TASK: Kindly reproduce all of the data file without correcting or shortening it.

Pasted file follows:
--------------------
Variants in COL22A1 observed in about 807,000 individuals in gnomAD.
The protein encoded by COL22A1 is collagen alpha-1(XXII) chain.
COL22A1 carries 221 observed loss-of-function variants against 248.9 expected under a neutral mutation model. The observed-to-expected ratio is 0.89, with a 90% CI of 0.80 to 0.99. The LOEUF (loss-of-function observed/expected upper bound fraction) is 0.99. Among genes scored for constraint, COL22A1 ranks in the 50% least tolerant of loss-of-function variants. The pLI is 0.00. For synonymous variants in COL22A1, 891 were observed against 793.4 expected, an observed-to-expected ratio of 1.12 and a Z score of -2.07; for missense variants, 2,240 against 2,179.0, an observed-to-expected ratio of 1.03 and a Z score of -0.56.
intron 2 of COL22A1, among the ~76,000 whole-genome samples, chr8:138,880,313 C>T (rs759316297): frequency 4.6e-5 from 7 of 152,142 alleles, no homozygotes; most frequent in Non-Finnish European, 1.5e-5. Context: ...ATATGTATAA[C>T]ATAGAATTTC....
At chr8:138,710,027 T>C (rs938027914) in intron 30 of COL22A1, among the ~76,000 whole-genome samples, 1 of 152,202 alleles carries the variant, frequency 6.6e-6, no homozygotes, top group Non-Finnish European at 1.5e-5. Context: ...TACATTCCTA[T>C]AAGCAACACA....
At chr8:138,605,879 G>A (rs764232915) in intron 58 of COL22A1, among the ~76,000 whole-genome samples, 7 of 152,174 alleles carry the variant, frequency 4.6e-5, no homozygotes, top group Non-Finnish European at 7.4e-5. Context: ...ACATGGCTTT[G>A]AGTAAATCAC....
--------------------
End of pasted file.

Variants in COL22A1 observed in about 807,000 individuals in gnomAD.
The protein encoded by COL22A1 is collagen alpha-1(XXII) chain.
COL22A1 carries 221 observed loss-of-function variants against 248.9 expected under a neutral mutation model. The observed-to-expected ratio is 0.89, with a 90% CI of 0.80 to 0.99. The LOEUF (loss-of-function observed/expected upper bound fraction) is 0.99. Among genes scored for constraint, COL22A1 ranks in the 50% least tolerant of loss-of-function variants. The pLI is 0.00. For synonymous variants in COL22A1, 891 were observed against 793.4 expected, an observed-to-expected ratio of 1.12 and a Z score of -2.07; for missense variants, 2,240 against 2,179.0, an observed-to-expected ratio of 1.03 and a Z score of -0.56.
intron 2 of COL22A1, among the ~76,000 whole-genome samples, chr8:138,880,313 C>T (rs759316297): frequency 4.6e-5 from 7 of 152,142 alleles, no homozygotes; most frequent in Non-Finnish European, 1.5e-5. Context: ...ATATGTATAA[C>T]ATAGAATTTC....
At chr8:138,710,027 T>C (rs938027914) in intron 30 of COL22A1, among the ~76,000 whole-genome samples, 1 of 152,202 alleles carries the variant, frequency 6.6e-6, no homozygotes, top group Non-Finnish European at 1.5e-5. Context: ...TACATTCCTA[T>C]AAGCAACACA....
At chr8:138,605,879 G>A (rs764232915) in intron 58 of COL22A1, among the ~76,000 whole-genome samples, 7 of 152,174 alleles carry the variant, frequency 4.6e-5, no homozygotes, top group Non-Finnish European at 7.4e-5. Context: ...ACATGGCTTT[G>A]AGTAAATCAC....